At the Oudayas Museum, a seventeenth-century Andalusian-inspired palace and its gardens housed in the Kasbah, a multimedia installation by Katia Kameli fittingly explores converging influences and how narratives move through cultures. Part of her ongoing research project Stream of Stories (2014–), it traces the genealogy of La Fontaine’s Fables (1668) back to the Hindu Panchatantra, a collection of allegorical tales written in Sanskrit around 350 CE. While the original manuscript is lost, it survives through a stream of translations (into Persian around 570 CE, then from Persian into Arabic in 760). Kameli’s display, which ranges from reproductions of original texts and animal masks to blown-up excerpts of the fable’s script and a video projected onto a screen, focuses on the Arabic version, the popular Kalila wa-Dimna, which reached Europe in the thirteenth century as The Fables of Bidpai. The installation reveals how the stories (and their moral messages) were edited through translation to suit different cultures or political aims (up to La Fontaine’s address to the dauphin), while pointing to the fluidity of certain foundational narratives across cultures and national borders.
Questions around our relationship to cultural heritage also run through the most compelling solo presentations. At Fort Rottembourg (built in 1902 to host two large cannons gifted by German arms manufacturer Krupp), such questions rise up through the cracks of Dana Awartani’s tiled floor (Standing by the ruins, 2019). Replicating traditional Islamic geometric patterns, Awartani used the Moroccan tiling technique of zellij but skipped the tempering and firing that would have ensured the floor’s conservation. The work’s slow deterioration – and eventual crumbling – throughout the duration of the biennale feels like a muffled echo of the violent destruction of Palmyra and other heritage sites by ISIS. Taking a perhaps more preventative approach, Rand Abdul Jabbar’s exhibition at Galerie Banque Populaire (one of several banks in the city with exhibition spaces) reads like her own sculptural ‘musée imaginaire’, composed of ceramic interpretations, we’re told, of cultural artefacts from the Mesopotamian region encountered by the artist in various ethnographic museums (Earthly Wonders, Celestial Beings, 2019). Scrutinising the objects arranged in mysterious groupings on plinths, the museumgoer conditioned to look for wall texts offering clues as to their provenance and historical significance does so in vain; instead, by their quiet presence, the objects – some evoking tools, others human or abstract representations, all rendered in seductive glazes – ask us to imagine their stories, or consider them on their own aesthetic terms.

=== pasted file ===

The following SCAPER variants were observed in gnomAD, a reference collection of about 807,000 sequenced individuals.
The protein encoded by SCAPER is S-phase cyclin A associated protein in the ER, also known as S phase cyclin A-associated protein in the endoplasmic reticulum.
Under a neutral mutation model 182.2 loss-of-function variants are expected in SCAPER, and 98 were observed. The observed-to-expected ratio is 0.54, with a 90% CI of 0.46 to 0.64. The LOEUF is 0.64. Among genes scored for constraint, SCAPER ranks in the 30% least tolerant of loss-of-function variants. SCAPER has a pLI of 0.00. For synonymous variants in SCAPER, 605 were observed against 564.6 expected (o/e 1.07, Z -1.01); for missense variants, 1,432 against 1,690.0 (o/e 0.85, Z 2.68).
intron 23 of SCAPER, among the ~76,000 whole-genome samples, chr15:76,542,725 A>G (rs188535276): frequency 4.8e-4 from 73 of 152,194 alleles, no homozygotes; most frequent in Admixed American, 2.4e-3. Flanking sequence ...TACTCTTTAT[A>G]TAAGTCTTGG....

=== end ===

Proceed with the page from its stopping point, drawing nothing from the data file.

Rand Abdul Jabbar, Earthly Wonders, Celestial Beings (detail), 2019, mixed-media sculptures. Courtesy the artist
These presentations dedicated to a single artist’s practice give depth and value to a biennale otherwise lacking in focus. The title Un instant avant le monde, no matter its poetic and philosophical underpinnings (the press release quotes Hannah Arendt’s writings on the ‘infinite improbability’ of new beginnings), is so wide it could speak to any artwork ever produced, and as a result the selection here feels driven by a curator’s whim. As to corrective gestures of gender imbalance in the artworld, the real change will come when exhibiting women artists does not warrant congratulation.
Un instant avant le monde, Biennale de Rabat, 24 September – 18 December
From the January/February 2020 issue of ArtReview